4. Discussion

The main results of the present study are that mMCP-4 KO mice subjected to EAE show a reduced clinical score as well as brain levels of immunoreactive ET-1 when compared to WT congeners. In addition, the KO mice show reduction in percentages of microgliosis and astrogliosis as well as grey matter alterations.

These results therefore support our hypothesis that this particular chymase isoform plays a significant role in the early development of MS in the mouse EAE model. In our hands, the KO of mMCP-4 significantly reduced clinical scores up until 21 days after EAE induction.

It is noteworthy that mature mast cells can express numerous tryptases (having trypsin-like cleavage specificity) and chymases (having chymotrypsin-like cleave specificities) as well as other types of proteases [30]. Out of these, mMCP-4 was shown here to have a major impact on the course of EAE development. This suggests that mMCP-4 accounts to a major extent for the demyelination attributed to mast cells in EAE. This does not exclude, on the other hand, the involvement of other mast cell-derived mediators in this mouse model of MS. It is also of interest that EAE prompted a significant increase in ET-1 brain levels one week after EAE induction in WT but not in mMCP-4 KO mice. Notably, brain levels of this potent vasoactive peptide progressively returned to basal levels on the second and third weeks after EAE (results not shown for the 3rd week). These results suggest that ET-1 may be either an early marker or, alternatively, an early mediator of the inflammatory reaction occurring in the EAE model. Interestingly, Shin et al. (2001) reported that an antagonist, BQ-123, reduced the duration of paralysis, in EAE-induced rats [31]. The same authors also reported high levels of immunoreactive ET-1 in spinal cord-localized inflammatory and neuroglial cells [31]. These observations are of relevance considering that Hammond et al. (2014) have recently shown that ET-1 is a negative regulator of oligodendrocyte progenitor cell-dependent repair of demyelinated lesions [32]. In support of the latter observation, myelin contents were, in the present study, found to be higher in naive and even one week after EAE immunized mMCP-4 KO mice than in their WT congeners. Thus, interfering with the chymase-dependent production of ET-1 in MS may be a relevant therapeutic strategy in autoimmune diseases such as MS [33]. Noteworthy, chymase inhibitors have been shown to possess anti-inflammatory and antiproliferative properties in other settings [3437].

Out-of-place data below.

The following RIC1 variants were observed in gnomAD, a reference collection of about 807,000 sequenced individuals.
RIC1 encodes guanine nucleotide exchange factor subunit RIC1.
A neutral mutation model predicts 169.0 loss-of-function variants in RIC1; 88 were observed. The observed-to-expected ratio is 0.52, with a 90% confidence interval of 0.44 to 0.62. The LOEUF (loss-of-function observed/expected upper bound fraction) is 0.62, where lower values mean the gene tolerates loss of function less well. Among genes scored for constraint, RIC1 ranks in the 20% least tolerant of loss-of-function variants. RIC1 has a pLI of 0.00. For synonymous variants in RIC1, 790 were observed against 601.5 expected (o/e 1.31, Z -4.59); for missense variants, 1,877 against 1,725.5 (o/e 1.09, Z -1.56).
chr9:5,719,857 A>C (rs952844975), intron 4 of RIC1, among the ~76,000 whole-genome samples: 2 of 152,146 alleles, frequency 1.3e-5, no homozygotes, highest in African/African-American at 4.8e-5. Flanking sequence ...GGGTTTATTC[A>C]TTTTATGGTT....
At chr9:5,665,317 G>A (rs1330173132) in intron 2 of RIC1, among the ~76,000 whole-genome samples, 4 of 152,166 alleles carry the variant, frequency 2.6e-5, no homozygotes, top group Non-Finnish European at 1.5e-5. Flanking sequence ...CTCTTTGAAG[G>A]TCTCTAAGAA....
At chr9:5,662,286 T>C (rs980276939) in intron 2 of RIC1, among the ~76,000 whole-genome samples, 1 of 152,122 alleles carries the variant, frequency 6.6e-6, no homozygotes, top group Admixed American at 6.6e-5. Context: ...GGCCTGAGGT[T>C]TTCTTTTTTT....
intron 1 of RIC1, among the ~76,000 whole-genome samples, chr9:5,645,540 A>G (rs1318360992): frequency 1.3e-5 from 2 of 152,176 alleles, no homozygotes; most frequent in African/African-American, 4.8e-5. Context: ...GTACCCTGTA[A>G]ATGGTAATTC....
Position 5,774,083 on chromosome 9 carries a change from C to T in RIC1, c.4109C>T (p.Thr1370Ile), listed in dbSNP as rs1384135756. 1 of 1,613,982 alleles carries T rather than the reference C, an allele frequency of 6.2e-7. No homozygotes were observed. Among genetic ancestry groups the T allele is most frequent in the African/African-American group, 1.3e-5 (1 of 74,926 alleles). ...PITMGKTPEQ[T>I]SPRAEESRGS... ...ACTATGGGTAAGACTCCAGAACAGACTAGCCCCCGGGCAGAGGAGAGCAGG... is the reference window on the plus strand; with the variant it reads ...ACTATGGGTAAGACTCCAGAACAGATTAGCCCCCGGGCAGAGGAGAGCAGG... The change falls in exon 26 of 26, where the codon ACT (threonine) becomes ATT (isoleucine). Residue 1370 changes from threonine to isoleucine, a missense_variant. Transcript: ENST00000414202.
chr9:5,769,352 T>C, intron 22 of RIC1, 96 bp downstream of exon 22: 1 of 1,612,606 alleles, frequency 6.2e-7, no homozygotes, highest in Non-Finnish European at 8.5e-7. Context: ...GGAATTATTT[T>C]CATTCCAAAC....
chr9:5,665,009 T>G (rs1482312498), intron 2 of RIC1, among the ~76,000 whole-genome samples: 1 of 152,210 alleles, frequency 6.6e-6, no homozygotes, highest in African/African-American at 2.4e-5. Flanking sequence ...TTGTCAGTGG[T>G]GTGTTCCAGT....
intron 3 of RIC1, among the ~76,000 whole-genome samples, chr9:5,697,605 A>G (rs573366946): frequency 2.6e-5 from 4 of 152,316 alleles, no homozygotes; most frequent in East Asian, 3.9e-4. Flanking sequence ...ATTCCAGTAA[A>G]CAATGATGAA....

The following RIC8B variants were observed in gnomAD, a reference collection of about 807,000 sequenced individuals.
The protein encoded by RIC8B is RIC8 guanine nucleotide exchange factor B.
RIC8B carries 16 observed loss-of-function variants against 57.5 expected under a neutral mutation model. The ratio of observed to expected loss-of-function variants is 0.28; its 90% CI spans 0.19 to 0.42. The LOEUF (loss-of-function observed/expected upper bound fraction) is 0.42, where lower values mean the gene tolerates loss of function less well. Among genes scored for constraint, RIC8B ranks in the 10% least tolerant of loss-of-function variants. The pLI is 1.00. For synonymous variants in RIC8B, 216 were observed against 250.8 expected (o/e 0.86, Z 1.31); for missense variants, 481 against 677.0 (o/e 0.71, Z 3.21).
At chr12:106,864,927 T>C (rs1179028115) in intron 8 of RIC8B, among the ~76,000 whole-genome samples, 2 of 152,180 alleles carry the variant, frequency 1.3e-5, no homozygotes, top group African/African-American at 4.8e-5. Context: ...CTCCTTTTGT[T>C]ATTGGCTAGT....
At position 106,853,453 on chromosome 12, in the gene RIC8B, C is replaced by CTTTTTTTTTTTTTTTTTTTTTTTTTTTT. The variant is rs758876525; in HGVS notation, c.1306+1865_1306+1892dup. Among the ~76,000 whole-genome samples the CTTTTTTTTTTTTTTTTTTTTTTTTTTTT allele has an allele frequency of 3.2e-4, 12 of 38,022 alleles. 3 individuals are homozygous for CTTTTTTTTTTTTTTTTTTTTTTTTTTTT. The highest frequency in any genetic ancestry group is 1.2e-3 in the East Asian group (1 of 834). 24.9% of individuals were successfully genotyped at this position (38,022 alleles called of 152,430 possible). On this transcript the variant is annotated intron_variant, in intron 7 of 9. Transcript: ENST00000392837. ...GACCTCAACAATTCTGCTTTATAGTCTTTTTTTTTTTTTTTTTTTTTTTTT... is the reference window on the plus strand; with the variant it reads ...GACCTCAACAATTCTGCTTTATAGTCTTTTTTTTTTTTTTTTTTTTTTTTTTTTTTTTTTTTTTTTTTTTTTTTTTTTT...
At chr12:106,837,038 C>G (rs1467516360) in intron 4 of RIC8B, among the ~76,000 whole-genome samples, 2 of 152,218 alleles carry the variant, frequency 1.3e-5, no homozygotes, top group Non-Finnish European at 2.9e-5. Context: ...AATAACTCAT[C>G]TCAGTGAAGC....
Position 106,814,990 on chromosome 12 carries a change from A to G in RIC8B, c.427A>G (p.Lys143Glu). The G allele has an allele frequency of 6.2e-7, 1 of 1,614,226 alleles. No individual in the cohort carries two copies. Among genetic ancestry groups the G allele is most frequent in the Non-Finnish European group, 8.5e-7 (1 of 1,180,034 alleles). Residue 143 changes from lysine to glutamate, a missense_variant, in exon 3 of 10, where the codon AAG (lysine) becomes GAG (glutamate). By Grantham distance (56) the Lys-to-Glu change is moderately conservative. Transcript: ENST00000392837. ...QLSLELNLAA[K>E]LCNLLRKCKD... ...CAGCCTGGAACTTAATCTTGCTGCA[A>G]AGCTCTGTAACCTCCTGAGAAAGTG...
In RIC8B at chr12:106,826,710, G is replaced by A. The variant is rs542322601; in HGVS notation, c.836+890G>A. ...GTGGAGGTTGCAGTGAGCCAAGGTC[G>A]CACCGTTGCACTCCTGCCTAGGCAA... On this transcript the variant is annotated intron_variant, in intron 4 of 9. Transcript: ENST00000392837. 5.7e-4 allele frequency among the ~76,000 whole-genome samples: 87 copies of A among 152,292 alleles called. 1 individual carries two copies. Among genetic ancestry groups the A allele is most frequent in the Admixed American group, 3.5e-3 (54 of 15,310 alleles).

Albeit still controversial, one should also note the beneficial effects of ET-1 antagonists on cerebral blood flow of MS patients [38]. Thus, ET-1 antagonists may have beneficiary effects not only by repressing cellular events in EAE but by improving overall brain blood circulation as well. Further studies currently ongoing in our laboratory should shed further light on the contribution of ET-1 via one and/or receptors and their associated mechanisms, in the etiology of EAE in the mouse model.

Albeit we show in the present study that mMCP-4 is detrimental in an experimental model of MS, the same concept cannot be extended to all types of experimental injuries of the CNS. For example, Hendrix and colleagues (2013) reported the protective role of mast cells (in part due to mMCP-4) in a mouse model of mechanically induced brain injury [16]. Noteworthy, in the same study the authors reversed the protective role of mMCP-4 with a general chymotrypsin inhibitor, chymostatin, which is nonspecific for chymase-dependent processes [16]. It has been elegantly reported by Kerschensteiner et al. (2004) that, in contrast to spinal cord injury models, EAE-induced lesions may facilitate additional levels of axonal reorganization based on the unlesioned fibers of the tract [39]. These observations support the concept that neuroinflammatory and surgical hemisections of the spinal cord, in the mouse model, alter in opposite fashion the “reserve capacity” of the CNS to regenerate [39]. Thus, we suggest that immune-related inflammatory reactions and surgical trauma in the CNS prompt opposite roles for mMCP-4.

Interestingly, monitoring of INFγ in our model suggests an enhanced inflammatory reaction in the spinal cord of WT but not mMCP-4 KO mice. We observed a significantly higher concentration of IFNγ in the spinal cords of WT compared to mMCP-4 KO mice 2 weeks after immunization. The decreased inflammatory response is correlated with the observation that mMCP-4 KO mice have decreased proliferation of microglia and astrocytes. The exact mechanism of such decreases is unknown. It can nonetheless be explained by decreased responses of CNS inflammatory cells in mMCP-4 KO mice which lead to the decreased concentration of proinflammatory molecules, decreased chemotactic gradient, decreased influx of Th1 cells, decreased IFNγ, and, as a result, decreased demyelination. On the other hand, preserved integrity of BBB may lead to reduced influx of Th1 cells from the periphery, a decreased activation of astrocytes and microglia, a decreased overall inflammation in the CNS, and a decreased demyelination. Based on the above observations, the present study reinforces the hypothesis suggested by Scandiuzzi et al. (2010), Reber et al. (2014), and Magnusson et al. (2009) [17, 18, 40] that mMCP-4 activates cells involved in tissue specific autoimmune reactions.

Overall we show in the present study that a single mouse chymase isoform, mMCP-4, contributes significantly to the etiology and early symptoms associated with a mouse model of MS, namely, EAE. If what is reported here in the mouse model can be extended to the clinical situation, it is suggested that targeting chymase rather than the overall mastocytic activity in that particular autoimmune disease will constitute an added value within the currently available therapeutic arsenal against this neurodegenerative disease.

Competing Interests

The authors declare that there are no conflicts of interest regarding the publication of this paper.

Authors’ Contributions

Denis Gris and Pedro D’Orléans-Juste contributed equally to this study.

Acknowledgments

This project was financially supported by the Canadian Institutes for Health Research (MOP-57883) as well as by the Etienne Lebel Clinical Research Center of the Centre Hospitalier Universitaire de Sherbrooke. Catherine Lapointe held a summer studentship from the Faculty of Medecine, Université de Sherbrooke. Pedro D’Orléans-Juste is the recipient of a John E. Edwards Cardiology Chair. Denis Gris is a recipient of a Junior 2 scholarship from the Fonds de la Recherche Québec en Santé.